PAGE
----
proper class

Proper classes

Proper classes


A proper class is a set that is too big to be a set. Exactly what this means depends on the foundations of mathematics, but something must be said about it to study large categories.


There are several ways to deal with this and define a proper class.

A proper class is a large discrete category. But since a large category is usually defined as having a proper class of objects, this just moves the bubble under the wallpaper to ‘large category’ and something must be applied there.

A proper class is a collection that can be put in bijection with the class of all ordinals, OrdOrd. But this requires the global axiom of choice to be correct.

A proper class is a class that is not a set. So now we have to define ‘class’.

A proper class is a class whose cardinality is not the cardinal number of any set. This is a version of the previous definition not violating the principle of equivalence; however, in some foundations these are actually equivalent (using the axiom of replacement).

A class is a collection of sets. Here the bubble is moved to ‘collection’, but we will be able to pop that bubble below. Also we might want to allow the members of a proper class to be other than sets (such as structured sets); certainly it is true, however, that a pure class is a collection of pure sets.

A class is a formula in the language of set theory for a truth value, equipped with a specified free variable for a set. This is a formalisation of the previous definition, but it must be interpreted metamathematically: a formula for a class in a given context Γ\Gamma is a formula for a truth value in the extension of Γ\Gamma by one more free variable for a set.

A class may even be an undefined concept; the real definition is to define a set as a class that is itself a member of some class. With appropriate axioms, this is equivalent to the previous definition (and conservative over set theory without classes), but it's also possible to apply stronger axioms here; this choice is the difference between BNGBNG and MKMK as extensions of ZFC.

A class is a subset of a Grothendieck universe UU, while a (small) set is merely an element of UU. This gives a relative notion, depending on UU. As stated here, we get a concept of class like that of the strong theory MKMK; to be more like BNGBNG (and therefore conservative over set theory without an axiom of universes) we should define a class to be a subset of UU that is definable in the language of set theory.


A large category is a category whose class of morphisms is a proper class. It is sufficient that the class of objects be a proper class, which is also necessary if the category is locally small.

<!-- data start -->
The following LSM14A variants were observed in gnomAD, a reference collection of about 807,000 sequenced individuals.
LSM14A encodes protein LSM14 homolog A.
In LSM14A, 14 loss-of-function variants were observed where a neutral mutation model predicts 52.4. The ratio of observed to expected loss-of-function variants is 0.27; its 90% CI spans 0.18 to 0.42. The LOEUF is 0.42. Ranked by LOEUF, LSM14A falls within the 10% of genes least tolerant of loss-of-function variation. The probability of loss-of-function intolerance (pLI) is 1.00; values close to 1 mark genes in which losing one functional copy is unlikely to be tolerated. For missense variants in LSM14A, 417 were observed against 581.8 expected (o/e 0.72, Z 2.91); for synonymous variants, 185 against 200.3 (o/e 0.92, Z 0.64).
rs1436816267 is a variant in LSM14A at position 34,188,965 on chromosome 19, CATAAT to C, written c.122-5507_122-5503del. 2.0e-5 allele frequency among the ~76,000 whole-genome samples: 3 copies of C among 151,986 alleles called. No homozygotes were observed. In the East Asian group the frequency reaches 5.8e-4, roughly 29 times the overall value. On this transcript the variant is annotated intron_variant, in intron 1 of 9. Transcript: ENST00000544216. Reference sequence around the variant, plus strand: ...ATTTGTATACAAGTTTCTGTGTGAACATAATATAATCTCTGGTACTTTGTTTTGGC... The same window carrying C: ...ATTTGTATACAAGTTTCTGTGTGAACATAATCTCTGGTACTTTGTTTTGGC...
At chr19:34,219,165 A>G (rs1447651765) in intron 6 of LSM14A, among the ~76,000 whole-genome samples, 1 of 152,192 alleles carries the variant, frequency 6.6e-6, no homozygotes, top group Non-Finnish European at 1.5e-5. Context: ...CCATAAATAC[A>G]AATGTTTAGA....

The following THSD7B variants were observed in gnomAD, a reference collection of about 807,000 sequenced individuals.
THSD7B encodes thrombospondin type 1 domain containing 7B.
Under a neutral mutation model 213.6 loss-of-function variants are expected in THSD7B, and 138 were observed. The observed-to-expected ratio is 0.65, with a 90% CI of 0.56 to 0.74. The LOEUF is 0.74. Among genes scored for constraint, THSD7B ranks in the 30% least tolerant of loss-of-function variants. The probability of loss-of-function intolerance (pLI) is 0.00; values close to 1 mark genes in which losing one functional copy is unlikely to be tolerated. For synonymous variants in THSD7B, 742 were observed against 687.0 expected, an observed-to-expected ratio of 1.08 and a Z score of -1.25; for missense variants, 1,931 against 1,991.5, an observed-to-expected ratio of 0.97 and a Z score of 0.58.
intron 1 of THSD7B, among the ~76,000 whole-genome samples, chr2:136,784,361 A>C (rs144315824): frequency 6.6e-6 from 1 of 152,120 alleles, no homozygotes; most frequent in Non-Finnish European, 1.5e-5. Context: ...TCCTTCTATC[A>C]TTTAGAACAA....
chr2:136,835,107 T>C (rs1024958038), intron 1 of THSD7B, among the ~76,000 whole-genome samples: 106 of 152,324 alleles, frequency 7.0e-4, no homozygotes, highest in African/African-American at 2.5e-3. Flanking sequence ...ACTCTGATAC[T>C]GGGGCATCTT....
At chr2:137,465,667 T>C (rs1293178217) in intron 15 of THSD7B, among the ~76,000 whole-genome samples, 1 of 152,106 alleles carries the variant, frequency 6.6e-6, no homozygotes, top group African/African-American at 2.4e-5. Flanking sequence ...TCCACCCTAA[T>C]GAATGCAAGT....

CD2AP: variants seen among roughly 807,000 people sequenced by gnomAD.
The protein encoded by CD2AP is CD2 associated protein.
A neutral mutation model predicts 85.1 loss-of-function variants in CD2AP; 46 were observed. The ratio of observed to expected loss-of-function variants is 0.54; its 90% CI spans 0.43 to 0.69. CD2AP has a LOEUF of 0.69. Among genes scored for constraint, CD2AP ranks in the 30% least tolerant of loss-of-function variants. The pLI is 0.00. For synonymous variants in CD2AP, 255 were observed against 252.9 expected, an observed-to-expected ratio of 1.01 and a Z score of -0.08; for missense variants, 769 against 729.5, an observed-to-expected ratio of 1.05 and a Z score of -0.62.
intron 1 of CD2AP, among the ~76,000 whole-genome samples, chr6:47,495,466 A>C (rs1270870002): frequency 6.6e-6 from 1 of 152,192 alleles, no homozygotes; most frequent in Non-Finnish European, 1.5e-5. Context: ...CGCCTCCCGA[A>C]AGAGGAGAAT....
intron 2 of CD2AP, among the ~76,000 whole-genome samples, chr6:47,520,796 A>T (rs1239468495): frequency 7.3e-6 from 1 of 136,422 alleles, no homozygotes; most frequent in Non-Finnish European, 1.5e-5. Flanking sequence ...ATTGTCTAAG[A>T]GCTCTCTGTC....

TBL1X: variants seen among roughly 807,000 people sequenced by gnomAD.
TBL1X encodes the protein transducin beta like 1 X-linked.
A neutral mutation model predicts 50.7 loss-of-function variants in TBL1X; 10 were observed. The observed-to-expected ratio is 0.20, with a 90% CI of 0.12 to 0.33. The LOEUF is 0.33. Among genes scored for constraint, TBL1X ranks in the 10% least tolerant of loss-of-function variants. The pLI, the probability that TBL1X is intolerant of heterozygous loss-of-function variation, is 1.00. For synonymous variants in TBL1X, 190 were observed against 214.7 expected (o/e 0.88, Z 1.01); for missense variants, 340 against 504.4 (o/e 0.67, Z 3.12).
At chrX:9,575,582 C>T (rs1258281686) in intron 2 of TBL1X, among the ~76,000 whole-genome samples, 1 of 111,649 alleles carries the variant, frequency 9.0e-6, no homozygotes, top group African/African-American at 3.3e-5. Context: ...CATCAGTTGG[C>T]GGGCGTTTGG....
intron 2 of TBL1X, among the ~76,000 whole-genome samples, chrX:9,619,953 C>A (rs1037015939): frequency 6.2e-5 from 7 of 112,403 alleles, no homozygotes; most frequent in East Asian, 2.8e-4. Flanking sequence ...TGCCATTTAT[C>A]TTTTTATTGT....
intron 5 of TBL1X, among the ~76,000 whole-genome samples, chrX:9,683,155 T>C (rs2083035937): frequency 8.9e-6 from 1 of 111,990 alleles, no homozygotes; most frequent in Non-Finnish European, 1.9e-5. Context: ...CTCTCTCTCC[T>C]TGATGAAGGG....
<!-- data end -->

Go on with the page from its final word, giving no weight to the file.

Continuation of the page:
Category theorists care about proper classes because many examples of categories in practice (such as Set, to begin with!) are large.

Category of classes

The category of classes ClassClass is a large category that is not locally small. It admits all colimits, understood in the following sense.

First, given a class II, we define an II-indexed family of classes as a map of classes f:TIf:T\to I. The preimage f 1({i})f^{-1}(\{i\}) is precisely the class with index ii. Such families can be pulled back along maps of classes JIJ\to I and pushed forward along maps IJI\to J.

Next, given a category II (not necessarily locally small), we define an II-indexed diagram of classes as a pair (o:T OOb(I),m:T MMor(I))(o:T_O\to Ob(I),m:T_M\to Mor(I)) of indexed families of classes that satisfies the obvious reformulation of conditions in the definition of a functor.

We now claim that an arbitrary II-indexed diagram of classes admits a colimit.

First, the standard reduction of II-indexed colimits to a coequalizer of a pair of arrows between coproducts indexed by Mor(I)Mor(I) and Ob(I)Ob(I) still works in this context since class-indexed families of classes can be pulled back along source and target maps Mor(I)Ob(I)Mor(I)\to Ob(I).

Secondly, class-indexed coproducts of classes can be computed simply by taking the total class of the corresponding class-indexed family of classes.

Thirdly, coequalizers of classes exist by Scott's trick. Observe that given a pair of arrows f,g:XYf,g:X\to Y between classes, we can define an equivalence relation on YY by saying that y~yy~y' if there is a map h:[0,n]Yh:[0,n]\to Y such that h(0)=yh(0)=y, h(n)=yh(n)=y' and for any i[0,n)i\in[0,n) there is xXx\in X such that h(i)=f(x)h(i)=f(x) and h(i+1)=g(x)h(i+1)=g(x) or h(i)=g(x)h(i)=g(x) and h(i+1)=f(x)h(i+1)=f(x). The quotient of YY by this equivalence relation exists by Scott's trick and is precisely the desired coequalizer.

If one is working in the category of (definable) classes for ZF or ZFC, or the category of classes of NBG, then all finite external diagrams DClassD\to Class have colimits. The reduction to a coequaliser of a pair of finite coproducts works as per usual. Finite coproducts exist as one can use finite disjunctions of the defining formulas (in ZF(C)) or Class Separation (in NBG) to define a new class. Coequalisers then exist by the above argument, as Scott's trick is available due to the class VV of sets having well-founded stratifications by sets (for instance the von Neumann cumulative hierarchy V= αORDV αV = \bigcup_{\alpha\in ORD} V_\alpha).

Just as an elementary topos is an axiomatization of basic properties of the category Set, a category with class structure is an axiomatization of basic properties of the category ClassClass. See also algebraic set theory.


A paper detailing one approach to the technical side of how classes appear in category theory (namely using Grothendieck universes) is

  • Paul Blain Levy, Formulating Categorical Concepts using Classes (arXiv:1801.08528)

Last revised on November 30, 2019 at 01:19:36. See the history of this page for a list of all contributions to it.